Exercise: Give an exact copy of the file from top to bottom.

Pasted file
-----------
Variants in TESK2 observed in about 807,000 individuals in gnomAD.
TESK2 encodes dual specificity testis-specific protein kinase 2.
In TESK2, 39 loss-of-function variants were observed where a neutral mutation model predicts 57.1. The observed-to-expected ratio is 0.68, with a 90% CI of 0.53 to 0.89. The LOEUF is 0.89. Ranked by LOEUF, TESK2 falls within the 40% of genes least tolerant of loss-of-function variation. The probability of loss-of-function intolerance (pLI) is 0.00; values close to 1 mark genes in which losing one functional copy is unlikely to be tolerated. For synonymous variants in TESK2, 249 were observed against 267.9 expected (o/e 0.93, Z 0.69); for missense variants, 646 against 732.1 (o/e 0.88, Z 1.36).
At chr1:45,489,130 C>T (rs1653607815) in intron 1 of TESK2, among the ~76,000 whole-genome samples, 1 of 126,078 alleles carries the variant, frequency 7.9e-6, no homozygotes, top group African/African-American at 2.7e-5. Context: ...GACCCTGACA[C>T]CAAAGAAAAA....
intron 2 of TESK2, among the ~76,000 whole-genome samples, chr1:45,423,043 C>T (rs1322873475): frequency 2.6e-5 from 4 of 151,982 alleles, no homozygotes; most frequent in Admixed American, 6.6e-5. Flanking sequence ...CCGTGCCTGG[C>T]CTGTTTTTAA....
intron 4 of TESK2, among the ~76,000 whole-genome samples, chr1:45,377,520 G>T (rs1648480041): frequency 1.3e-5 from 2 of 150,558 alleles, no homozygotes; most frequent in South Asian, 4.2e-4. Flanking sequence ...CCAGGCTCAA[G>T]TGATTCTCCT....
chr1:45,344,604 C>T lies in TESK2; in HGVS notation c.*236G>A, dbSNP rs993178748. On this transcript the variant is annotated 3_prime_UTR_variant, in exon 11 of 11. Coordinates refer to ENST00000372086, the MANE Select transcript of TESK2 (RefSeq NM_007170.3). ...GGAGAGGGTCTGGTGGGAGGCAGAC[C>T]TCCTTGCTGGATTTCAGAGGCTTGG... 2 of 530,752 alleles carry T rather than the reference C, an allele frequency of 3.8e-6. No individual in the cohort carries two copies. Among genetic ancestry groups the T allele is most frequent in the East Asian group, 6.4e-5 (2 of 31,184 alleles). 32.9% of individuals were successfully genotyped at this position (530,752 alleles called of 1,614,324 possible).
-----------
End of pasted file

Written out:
Variants in TESK2 observed in about 807,000 individuals in gnomAD.
TESK2 encodes dual specificity testis-specific protein kinase 2.
In TESK2, 39 loss-of-function variants were observed where a neutral mutation model predicts 57.1. The observed-to-expected ratio is 0.68, with a 90% CI of 0.53 to 0.89. The LOEUF is 0.89. Ranked by LOEUF, TESK2 falls within the 40% of genes least tolerant of loss-of-function variation. The probability of loss-of-function intolerance (pLI) is 0.00; values close to 1 mark genes in which losing one functional copy is unlikely to be tolerated. For synonymous variants in TESK2, 249 were observed against 267.9 expected (o/e 0.93, Z 0.69); for missense variants, 646 against 732.1 (o/e 0.88, Z 1.36).
At chr1:45,489,130 C>T (rs1653607815) in intron 1 of TESK2, among the ~76,000 whole-genome samples, 1 of 126,078 alleles carries the variant, frequency 7.9e-6, no homozygotes, top group African/African-American at 2.7e-5. Context: ...GACCCTGACA[C>T]CAAAGAAAAA....
intron 2 of TESK2, among the ~76,000 whole-genome samples, chr1:45,423,043 C>T (rs1322873475): frequency 2.6e-5 from 4 of 151,982 alleles, no homozygotes; most frequent in Admixed American, 6.6e-5. Flanking sequence ...CCGTGCCTGG[C>T]CTGTTTTTAA....
intron 4 of TESK2, among the ~76,000 whole-genome samples, chr1:45,377,520 G>T (rs1648480041): frequency 1.3e-5 from 2 of 150,558 alleles, no homozygotes; most frequent in South Asian, 4.2e-4. Flanking sequence ...CCAGGCTCAA[G>T]TGATTCTCCT....
chr1:45,344,604 C>T lies in TESK2; in HGVS notation c.*236G>A, dbSNP rs993178748. On this transcript the variant is annotated 3_prime_UTR_variant, in exon 11 of 11. Coordinates refer to ENST00000372086, the MANE Select transcript of TESK2 (RefSeq NM_007170.3). ...GGAGAGGGTCTGGTGGGAGGCAGAC[C>T]TCCTTGCTGGATTTCAGAGGCTTGG... 2 of 530,752 alleles carry T rather than the reference C, an allele frequency of 3.8e-6. No individual in the cohort carries two copies. Among genetic ancestry groups the T allele is most frequent in the East Asian group, 6.4e-5 (2 of 31,184 alleles). 32.9% of individuals were successfully genotyped at this position (530,752 alleles called of 1,614,324 possible).